It’s fascinating how new words are constantly being added to our lingo, based on the advancements of technology. People casually speak about doing things that would have made no sense just a few years ago, such as sending Tweets and WhatsApping pictures.
One of the greatest technological advancements in regards to travel has been the creation of Waze. These days before driving somewhere we ‘put the destination into Waze’ and within seconds we are informed of the ideal route to take as well as the predicted time of arrival.
It’s not that infrequent that I will be driving somewhere and Waze will lead me along a route I have never gone before. At first glance I am often skeptical of the unfamiliar route, but I remind myself that Waze takes into account traffic, and calculates the ideal way to get to the destination in the least amount of time. Waze is also great because if the driver makes a mistake and misses a turn, within seconds Waze recalculates a new route.
It struck me how intriguing it is that we place so much faith in an electronic app, especially in traveling to places and along routes that are completely foreign to us. The reason we are willing to do so is because we have had sufficient past experiences using Waze to know that the app is reliable. It’s a good feeling when you can bypass heavy traffic by driving along a quiet side road that you didn’t know existed. At times experience has also taught us that when ignoring Waze’s route, we encounter traffic we could never have known existed.
We often speak about having emunah peshuta – ‘simple faith,’ or some might say blind faith, in G-d. The truth is that we are not charged to merely believe. We are charged to develop faith that stems from knowing the truth in our hearts. Based on numerous past experiences – both our own, others, and of Klal Yisrael generally, we are to recognize that Hashem is running the world based on a divine plan. Faith begins where knowledge ends.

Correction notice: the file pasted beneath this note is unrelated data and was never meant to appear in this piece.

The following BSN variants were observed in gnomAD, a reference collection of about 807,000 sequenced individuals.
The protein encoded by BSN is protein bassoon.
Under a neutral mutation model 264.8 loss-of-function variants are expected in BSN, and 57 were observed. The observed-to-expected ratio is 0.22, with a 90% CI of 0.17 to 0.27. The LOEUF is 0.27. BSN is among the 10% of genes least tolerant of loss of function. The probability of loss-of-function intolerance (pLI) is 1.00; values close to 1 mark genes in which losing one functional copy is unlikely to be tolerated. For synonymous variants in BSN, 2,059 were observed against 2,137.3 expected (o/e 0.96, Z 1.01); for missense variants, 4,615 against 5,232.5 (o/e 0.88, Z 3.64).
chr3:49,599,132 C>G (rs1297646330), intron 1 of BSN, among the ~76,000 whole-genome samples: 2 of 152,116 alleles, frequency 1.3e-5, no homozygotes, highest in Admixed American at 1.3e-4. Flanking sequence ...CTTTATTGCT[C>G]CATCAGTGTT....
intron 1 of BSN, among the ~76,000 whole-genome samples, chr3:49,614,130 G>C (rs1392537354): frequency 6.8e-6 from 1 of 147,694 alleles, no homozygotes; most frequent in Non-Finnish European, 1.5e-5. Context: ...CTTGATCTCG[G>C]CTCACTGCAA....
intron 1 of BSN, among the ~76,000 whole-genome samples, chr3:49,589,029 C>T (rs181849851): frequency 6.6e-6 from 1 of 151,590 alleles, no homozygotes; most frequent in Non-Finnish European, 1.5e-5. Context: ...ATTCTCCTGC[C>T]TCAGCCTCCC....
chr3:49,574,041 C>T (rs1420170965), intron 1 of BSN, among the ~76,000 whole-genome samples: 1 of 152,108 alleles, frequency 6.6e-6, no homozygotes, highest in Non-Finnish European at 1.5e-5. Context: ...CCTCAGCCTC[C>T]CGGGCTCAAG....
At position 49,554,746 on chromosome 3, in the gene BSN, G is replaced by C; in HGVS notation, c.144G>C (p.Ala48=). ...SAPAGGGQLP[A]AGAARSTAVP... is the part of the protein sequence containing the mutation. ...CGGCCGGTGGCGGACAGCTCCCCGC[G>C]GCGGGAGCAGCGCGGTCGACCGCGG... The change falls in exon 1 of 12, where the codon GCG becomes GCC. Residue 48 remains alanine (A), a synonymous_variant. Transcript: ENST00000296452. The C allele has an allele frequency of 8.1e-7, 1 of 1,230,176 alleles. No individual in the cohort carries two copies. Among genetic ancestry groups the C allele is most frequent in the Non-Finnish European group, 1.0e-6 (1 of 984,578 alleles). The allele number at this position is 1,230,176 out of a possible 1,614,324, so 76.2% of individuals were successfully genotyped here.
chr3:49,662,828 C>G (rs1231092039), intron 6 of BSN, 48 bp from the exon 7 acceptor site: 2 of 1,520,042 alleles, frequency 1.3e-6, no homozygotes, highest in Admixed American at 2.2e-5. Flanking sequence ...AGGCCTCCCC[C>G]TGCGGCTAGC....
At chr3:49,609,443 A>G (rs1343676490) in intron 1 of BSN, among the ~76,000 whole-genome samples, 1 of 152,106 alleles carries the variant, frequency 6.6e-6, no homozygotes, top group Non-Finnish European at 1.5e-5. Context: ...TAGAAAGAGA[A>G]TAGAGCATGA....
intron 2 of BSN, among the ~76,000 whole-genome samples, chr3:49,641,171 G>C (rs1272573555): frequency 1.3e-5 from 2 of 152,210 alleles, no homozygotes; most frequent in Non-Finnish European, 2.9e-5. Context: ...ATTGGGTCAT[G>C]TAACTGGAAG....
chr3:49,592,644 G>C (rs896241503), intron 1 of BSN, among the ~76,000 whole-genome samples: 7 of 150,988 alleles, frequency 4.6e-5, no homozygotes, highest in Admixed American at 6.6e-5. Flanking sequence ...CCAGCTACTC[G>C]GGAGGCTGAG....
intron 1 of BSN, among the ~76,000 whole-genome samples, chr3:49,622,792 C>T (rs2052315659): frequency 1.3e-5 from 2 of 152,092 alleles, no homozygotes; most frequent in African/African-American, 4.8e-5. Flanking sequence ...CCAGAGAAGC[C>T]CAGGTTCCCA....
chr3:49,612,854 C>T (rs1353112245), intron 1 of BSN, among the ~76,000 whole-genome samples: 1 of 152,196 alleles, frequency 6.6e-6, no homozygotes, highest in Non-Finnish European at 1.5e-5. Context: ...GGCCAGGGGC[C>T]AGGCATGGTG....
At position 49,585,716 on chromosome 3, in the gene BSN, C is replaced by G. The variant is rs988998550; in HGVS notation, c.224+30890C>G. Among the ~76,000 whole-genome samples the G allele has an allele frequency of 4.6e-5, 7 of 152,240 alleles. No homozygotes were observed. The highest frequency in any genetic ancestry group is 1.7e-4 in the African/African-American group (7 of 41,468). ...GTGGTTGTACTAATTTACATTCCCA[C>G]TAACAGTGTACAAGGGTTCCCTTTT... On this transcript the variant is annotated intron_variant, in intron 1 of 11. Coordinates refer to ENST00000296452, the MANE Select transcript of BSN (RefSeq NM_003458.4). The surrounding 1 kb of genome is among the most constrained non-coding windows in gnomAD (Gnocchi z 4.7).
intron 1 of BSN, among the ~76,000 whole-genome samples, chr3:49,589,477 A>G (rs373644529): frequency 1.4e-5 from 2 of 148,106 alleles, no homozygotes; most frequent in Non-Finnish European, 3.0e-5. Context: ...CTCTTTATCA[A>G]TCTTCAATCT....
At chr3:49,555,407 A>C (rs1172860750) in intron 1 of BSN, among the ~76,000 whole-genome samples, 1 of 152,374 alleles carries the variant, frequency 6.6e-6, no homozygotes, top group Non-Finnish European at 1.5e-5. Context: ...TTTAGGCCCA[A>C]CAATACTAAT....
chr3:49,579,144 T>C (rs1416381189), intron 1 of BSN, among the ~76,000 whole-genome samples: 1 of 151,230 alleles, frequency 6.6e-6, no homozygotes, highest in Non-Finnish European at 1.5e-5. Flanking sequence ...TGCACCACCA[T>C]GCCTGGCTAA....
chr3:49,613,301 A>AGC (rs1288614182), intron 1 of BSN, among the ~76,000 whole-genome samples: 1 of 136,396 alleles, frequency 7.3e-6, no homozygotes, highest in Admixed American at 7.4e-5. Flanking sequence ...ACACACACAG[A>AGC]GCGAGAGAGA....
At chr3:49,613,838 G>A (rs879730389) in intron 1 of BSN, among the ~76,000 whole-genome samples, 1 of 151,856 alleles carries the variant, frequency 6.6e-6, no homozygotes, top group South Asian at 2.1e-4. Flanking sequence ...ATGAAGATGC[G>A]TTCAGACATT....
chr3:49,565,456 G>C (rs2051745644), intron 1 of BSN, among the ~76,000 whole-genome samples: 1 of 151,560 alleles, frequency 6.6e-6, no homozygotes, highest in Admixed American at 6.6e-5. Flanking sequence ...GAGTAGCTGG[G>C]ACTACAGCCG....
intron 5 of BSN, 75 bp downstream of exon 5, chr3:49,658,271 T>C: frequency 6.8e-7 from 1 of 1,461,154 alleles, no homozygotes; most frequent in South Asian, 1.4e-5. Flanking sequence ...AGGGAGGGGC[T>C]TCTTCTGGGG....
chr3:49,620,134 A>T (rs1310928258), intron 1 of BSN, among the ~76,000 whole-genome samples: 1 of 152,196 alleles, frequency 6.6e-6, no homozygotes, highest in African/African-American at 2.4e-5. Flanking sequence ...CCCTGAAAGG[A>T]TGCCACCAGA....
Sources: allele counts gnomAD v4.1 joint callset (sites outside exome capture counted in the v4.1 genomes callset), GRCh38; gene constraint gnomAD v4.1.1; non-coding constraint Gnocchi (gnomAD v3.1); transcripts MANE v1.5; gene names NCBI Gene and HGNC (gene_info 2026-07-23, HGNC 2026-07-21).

We rely on an app based on previous experiences, and blindly follow its direction into the unknown with confidence that it will lead us to our destination, and that it will take into account the things that could impede us that we have no way of knowing beforehand. Should our faith in the Omnipresent be any less?
Very often we find the roads of our lives proverbially being recalculated. We suddenly find ourselves in areas heading in a direction that is totally unfamiliar to us. At times it’s our own fault that we ended up there, based on our own erroneous decisions. At other times, it’s the result of events beyond our control. But we are always charged with the mission of forging ahead with faith that the Ways (waze) of our lives are not random or haphazard. We believe that there is a destination we are working towards, even when we can’t see it.
One of the noted allusions to the month of Elul is in the pasuk regarding one who murders inadvertently and has to flee to one of the ordained Cities of Refuge. The pasuk (Shemos 21:13) states “But for one who has not lain in ambush and G-d has caused it to come to his hand, I shall provide for you a place (to which he shall flee).” The first letters of the middle words in Hebrew contain an acronym of the word Elul.
The message from this verse is that even when the unimagined and unexpected occurs, G-d prepares a place for us. The truth is wherever we find ourselves – literally and figuratively – is exactly where we are meant to be. That is part of our focus during the month of Elul, to remind ourselves that we have a mission that is unique to us and we are directed towards its fulfillment. Beyond that, it’s all up to us.